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The Legend of Lylah Clare (1968)

R  |   |  Drama  |  15 November 1968 (West Germany)
6.0
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Ratings: 6.0/10 from 779 users  
Reviews: 22 user | 15 critic

A dictatorial film director (Finch) hires an unknown actress (Novak) to play the lead role in a planned movie biography of a late, great Hollywood star.

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(teleplay), (teleplay), 2 more credits »
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Cast

Cast overview, first billed only:
...
Lylah Clare / Elsa Brinkmann / Elsa Campbell
...
Lewis Zarken / Louie Flack
...
Barney Sheean
Milton Selzer ...
Bart Langner
Rossella Falk ...
Rossella
Gabriele Tinti ...
Paolo
...
Countess Bozo Bedoni
Jean Carroll ...
Becky Langner
...
Mark Peter Sheean
Coral Browne ...
Molly Luther
...
Young Girl
James Lanphier ...
1st Legman
...
Mike
Nick Dennis ...
Nick
Dave Willock ...
Cameraman
Edit

Storyline

A sexy starlet resembles Lylah Clare, a flamboyant star of the thirties, who died mysteriously and tragically on her wedding night gets a chance to play her in a biographical film directed by Lylah's real-life husband (Peter Finch) and history repeats itself as he falls for her reincarnation. Written by alfiehitchie

Plot Summary | Add Synopsis

Taglines:

Overnight, she became a star...Over many nights, she became a legend. See more »

Genres:

Drama

Certificate:

R | See all certifications »
Edit

Details

Country:

Language:

Release Date:

15 November 1968 (West Germany)  »

Also Known As:

La leyenda de Lylah Clare  »

Company Credits

Show detailed on  »

Technical Specs

Runtime:

Sound Mix:

Color:

(Metrocolor)

Aspect Ratio:

1.85 : 1
See  »
Edit

Did You Know?

Trivia

When Kim Novak walks along Hollywood Blvd, a theater she passes by is playing The Dirty Dozen (1967), a film Robert Aldrich made a year earlier, and whose commercial success made it possible for the director to start his own production company and make movies like this. See more »

Goofs

After Bart throws the ball through the window glass, every later shot that has the window visible shows no hole or broken glass. Further, the sound of the glass breaking is too late after the ball is thrown. See more »

Quotes

Lylah Clare: Do you really believe that you have a licence to ask any dirty question that slimes into that snake's nest between your ears? And nobody challenges you. Why? Because they are gentleman?
[gutteral laugh]
Lylah Clare: I'll tell you why.
[gesture with Molly Luther's snatched crutch]
Lylah Clare: Molly Luther's magic wand. It keeps keeps her safe from
[two thumps against Molly Luther's leg brace]
Lylah Clare: ...dragons!
See more »

Connections

References Sunset Blvd. (1950) See more »

Soundtracks

Lylah
Music by Frank De Vol
Lyrics and Vocal by Sibylle Siegfried
See more »

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User Reviews

 
Fascinating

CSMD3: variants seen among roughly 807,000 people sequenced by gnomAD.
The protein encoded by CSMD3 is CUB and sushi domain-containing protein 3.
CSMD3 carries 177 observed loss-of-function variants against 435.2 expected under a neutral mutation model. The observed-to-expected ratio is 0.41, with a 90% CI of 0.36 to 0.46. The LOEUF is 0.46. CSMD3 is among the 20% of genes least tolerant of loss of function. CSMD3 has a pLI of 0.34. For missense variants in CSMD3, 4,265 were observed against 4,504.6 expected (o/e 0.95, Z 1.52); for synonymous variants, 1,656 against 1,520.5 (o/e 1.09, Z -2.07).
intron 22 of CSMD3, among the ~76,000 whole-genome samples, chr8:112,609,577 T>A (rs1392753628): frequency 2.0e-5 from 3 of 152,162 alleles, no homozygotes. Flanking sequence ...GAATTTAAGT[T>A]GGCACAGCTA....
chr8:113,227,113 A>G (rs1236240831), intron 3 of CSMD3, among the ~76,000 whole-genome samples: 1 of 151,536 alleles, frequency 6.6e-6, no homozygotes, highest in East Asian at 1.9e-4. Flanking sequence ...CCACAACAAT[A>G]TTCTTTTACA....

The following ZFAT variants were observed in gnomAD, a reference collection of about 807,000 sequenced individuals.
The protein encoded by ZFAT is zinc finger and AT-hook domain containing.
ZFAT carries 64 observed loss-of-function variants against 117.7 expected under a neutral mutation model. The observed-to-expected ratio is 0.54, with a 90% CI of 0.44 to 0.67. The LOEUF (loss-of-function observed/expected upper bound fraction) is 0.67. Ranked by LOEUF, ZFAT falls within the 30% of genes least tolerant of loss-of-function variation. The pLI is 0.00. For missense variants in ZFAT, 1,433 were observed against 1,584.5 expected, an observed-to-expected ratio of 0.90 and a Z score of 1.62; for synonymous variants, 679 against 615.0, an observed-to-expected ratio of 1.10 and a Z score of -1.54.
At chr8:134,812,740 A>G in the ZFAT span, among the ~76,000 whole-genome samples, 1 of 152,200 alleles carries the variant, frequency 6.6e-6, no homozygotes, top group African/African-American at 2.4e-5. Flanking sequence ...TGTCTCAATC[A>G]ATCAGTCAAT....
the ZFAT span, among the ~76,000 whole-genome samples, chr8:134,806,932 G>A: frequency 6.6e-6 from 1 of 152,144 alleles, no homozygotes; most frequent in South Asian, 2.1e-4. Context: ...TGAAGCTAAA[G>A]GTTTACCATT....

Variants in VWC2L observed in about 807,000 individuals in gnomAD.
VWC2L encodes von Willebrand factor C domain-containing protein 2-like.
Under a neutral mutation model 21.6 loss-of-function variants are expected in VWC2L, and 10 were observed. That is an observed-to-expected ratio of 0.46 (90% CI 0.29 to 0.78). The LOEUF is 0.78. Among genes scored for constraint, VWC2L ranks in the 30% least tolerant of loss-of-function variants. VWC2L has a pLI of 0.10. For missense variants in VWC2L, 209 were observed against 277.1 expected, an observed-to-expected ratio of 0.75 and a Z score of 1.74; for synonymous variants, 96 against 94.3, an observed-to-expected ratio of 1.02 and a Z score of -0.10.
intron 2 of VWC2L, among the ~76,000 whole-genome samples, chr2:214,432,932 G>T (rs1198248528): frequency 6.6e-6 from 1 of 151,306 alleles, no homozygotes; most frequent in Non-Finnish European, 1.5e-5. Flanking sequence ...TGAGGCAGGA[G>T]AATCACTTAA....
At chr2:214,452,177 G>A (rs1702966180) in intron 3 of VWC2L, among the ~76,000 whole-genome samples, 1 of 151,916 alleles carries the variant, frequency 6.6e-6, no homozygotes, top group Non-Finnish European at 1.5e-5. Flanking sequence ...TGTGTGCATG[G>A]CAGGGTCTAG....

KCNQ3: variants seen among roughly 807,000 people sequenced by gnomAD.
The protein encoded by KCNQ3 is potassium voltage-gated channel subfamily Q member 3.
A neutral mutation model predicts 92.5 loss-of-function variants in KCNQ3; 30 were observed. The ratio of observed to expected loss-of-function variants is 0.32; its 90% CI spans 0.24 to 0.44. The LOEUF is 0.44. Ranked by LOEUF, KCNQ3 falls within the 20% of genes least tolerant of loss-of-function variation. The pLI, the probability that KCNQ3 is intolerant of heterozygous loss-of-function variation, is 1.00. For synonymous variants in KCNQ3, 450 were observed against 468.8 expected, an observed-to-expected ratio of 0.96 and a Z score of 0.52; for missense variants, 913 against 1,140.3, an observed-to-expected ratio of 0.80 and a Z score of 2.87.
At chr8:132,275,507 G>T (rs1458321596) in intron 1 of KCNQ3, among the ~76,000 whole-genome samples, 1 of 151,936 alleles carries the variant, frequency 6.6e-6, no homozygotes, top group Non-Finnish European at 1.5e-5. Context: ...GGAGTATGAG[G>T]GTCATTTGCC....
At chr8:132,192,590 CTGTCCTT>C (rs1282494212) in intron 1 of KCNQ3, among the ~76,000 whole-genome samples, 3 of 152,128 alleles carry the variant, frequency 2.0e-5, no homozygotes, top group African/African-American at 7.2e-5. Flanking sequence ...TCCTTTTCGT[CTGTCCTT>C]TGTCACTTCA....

23 January 2007 | by (United States) – See all my reviews

It's flawed, yes. It's too long, too slow, and some of the lines and situations are just incomprehensible. On the other hand, its daring in a way most films are not. It dares you to think, imagine, and just relish in the glory if this fictionally great old star. The character of Lylah Clare is based on what seems to be an amalgamation of 1930s icons, not the least of which may include Crawford, Bankhead, Dietrich, Garbo, and Harlow. Then again, she is her own creation. A great subplot concerns the battle of the studio for money-making films and the battle of the director for art. As Ernest Borgnine as the studio head says in one scene, "I don't want to make films. I want to make movies. What do you think we're making here, art?" Kim Novak is well cast and turns in a surprising star turn in a double role, as Lylah Clare and the actress who plays her in a biopic helmed by her late director and husband. The story behind Lylah's death is mysterious and the stuff of legend. Only the director, eager to make a comeback after a 20 year absence from films, seems to know the truth about what happened to Lylah, and he is silent. There are two other superb subplots to the film: one concerns the actress and her possession by the spirit of the late Lylah Clare, and the other subplot concerns the romance between the actress and the director.

The end is shocking. You might not see the eventual conclusion coming. There is terrific symbolism in the dog food advertisement at the end of the film, and the score by DeVol is appropriately lush and atmospheric.

Some of the performances are a bit stilted, as is some of the camera work. The costumes are not always historically correct, but are fetching just the same. The direction is hit-or-miss. The film is way too slow. What holds the film together is the fascinating story and Aldrich's ambition in telling it. He doesn't stop with Lylah's death, but goes on to make a broad and cynical statement about the whole movie industry as a whole. Notice how, when the Lylah's director finally has something deep and heartfelt to say to the reporter, he is cut off. And for what? A dog food commercial. Get it?

Aldrich excelled at dark Hollywood portraits, and this is one of the most intriguing and controversial. No wonder it's so hard to find.


23 of 28 people found this review helpful.  Was this review helpful to you?

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